Cavefish blinded by gene expression | Science News



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Cavefish blinded by gene expression

11:37am, October 19, 2004

Last year, researchers raised the possibility that Mexican blind cavefish once could see but traded in their vision for bigger jaws and teeth (SN: 8/23/03, p. 126: Available to subscribers at Did cavefish trade eyes for good taste?). Those same scientists now report genetic evidence bolstering their theory.

William Jeffery of the University of Maryland at College Park and his colleagues had previously reported that the gene sonic hedgehog controls eye and mouth formation in the freshwater fish Astyanax mexicanus. This single species has both a sighted form, which swims in surface waters, and a blind form, which lives in cave ponds.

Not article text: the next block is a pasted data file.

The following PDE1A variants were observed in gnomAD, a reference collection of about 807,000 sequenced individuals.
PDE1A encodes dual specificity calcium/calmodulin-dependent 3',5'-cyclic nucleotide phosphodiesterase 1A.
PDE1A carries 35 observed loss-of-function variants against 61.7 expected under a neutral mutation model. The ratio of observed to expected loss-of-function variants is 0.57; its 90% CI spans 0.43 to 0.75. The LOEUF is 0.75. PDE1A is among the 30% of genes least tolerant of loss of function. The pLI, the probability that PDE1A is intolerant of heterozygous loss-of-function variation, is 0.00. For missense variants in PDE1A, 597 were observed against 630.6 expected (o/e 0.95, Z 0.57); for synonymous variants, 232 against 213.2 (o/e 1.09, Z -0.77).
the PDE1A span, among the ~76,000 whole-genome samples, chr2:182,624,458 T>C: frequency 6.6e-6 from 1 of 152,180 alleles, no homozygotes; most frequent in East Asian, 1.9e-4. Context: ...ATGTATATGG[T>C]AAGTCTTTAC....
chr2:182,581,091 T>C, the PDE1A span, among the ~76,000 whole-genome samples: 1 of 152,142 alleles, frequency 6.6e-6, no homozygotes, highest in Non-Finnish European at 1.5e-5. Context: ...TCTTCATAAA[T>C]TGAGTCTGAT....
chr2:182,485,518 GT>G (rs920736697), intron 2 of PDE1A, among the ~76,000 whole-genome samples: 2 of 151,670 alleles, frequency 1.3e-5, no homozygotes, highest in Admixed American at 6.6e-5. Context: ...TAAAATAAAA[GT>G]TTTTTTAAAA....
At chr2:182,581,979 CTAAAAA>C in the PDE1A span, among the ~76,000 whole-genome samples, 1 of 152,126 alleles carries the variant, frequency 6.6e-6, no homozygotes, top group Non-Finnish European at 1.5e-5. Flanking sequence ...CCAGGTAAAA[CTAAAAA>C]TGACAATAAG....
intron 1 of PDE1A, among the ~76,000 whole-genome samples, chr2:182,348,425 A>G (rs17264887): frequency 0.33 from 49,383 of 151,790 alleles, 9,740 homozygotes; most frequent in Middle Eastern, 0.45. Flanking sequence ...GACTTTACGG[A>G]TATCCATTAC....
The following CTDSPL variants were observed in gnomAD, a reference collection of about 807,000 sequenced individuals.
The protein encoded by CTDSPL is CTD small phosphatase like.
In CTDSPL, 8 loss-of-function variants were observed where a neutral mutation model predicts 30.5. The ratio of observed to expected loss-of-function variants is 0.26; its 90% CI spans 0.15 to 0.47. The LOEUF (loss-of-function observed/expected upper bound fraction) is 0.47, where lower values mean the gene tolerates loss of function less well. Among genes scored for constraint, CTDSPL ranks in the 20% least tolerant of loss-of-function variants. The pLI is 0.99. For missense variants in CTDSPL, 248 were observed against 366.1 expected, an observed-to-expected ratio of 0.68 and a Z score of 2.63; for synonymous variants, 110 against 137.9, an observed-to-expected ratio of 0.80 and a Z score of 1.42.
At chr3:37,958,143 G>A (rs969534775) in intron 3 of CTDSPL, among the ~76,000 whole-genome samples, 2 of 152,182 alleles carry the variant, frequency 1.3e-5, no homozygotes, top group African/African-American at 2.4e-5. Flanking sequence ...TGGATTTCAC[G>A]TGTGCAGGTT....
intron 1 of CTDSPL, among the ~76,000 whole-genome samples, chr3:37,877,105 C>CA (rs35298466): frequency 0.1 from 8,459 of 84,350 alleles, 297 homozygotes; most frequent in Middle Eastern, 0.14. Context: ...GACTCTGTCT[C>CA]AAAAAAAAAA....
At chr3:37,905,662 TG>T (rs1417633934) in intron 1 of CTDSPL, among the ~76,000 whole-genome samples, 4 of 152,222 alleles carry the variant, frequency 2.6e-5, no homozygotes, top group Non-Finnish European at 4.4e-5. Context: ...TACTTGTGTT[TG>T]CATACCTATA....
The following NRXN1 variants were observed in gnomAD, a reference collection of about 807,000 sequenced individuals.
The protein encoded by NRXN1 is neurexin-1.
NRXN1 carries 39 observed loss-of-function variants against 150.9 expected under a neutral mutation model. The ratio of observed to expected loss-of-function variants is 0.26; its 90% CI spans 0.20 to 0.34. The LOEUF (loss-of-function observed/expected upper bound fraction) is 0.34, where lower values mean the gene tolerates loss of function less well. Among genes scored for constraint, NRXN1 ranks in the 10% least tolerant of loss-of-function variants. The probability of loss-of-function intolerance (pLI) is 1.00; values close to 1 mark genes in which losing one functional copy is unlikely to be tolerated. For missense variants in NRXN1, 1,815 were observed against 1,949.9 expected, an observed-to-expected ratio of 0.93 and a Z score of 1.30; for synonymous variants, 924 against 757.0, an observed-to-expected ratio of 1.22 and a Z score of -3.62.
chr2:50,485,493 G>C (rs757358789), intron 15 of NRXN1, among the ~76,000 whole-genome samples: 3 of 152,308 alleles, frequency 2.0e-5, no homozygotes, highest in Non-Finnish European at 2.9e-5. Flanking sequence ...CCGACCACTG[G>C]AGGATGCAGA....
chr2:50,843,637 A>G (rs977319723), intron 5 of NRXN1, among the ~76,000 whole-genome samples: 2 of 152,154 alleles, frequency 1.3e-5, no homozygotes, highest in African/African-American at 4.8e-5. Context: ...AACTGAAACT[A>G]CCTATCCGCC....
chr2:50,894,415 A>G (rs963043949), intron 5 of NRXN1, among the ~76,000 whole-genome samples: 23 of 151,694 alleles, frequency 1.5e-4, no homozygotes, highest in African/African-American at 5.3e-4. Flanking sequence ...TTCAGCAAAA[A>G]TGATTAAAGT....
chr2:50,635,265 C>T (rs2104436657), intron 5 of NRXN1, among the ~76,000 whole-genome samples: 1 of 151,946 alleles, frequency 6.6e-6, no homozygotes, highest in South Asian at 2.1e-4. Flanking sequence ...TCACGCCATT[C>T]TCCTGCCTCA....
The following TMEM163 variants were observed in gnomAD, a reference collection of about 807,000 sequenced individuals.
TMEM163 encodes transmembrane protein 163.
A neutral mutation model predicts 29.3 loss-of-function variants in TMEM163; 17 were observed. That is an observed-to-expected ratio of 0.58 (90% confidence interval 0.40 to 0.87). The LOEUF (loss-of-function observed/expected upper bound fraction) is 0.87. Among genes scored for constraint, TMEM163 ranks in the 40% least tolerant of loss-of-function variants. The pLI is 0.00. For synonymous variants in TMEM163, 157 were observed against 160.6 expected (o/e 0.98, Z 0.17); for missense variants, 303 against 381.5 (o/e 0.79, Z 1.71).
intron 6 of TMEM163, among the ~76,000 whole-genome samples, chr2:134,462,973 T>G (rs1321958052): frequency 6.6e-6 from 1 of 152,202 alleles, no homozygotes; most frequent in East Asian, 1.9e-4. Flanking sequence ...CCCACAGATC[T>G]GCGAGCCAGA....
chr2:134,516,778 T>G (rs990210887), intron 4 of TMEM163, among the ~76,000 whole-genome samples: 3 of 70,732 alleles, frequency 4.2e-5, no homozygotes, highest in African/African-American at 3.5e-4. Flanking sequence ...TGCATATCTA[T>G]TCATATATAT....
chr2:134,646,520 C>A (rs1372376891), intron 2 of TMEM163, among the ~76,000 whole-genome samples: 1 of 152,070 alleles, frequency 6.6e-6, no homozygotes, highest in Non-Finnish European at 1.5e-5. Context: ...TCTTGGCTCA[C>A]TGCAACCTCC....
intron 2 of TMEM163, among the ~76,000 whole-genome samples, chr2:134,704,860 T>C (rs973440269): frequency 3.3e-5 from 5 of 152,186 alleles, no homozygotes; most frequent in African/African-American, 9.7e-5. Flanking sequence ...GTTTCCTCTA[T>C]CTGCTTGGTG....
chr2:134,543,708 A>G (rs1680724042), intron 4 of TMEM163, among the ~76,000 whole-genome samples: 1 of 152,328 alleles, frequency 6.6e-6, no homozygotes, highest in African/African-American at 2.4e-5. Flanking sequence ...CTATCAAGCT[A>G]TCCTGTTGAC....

By examining gene expression in embryos of both fish types, Jeffery's team found that the blind fish express sonic hedgehog and a second gene, tiggy-winkle hedgehog, in a larger region of the body than sighted fish do. This expanded expression prevents normal eye development.

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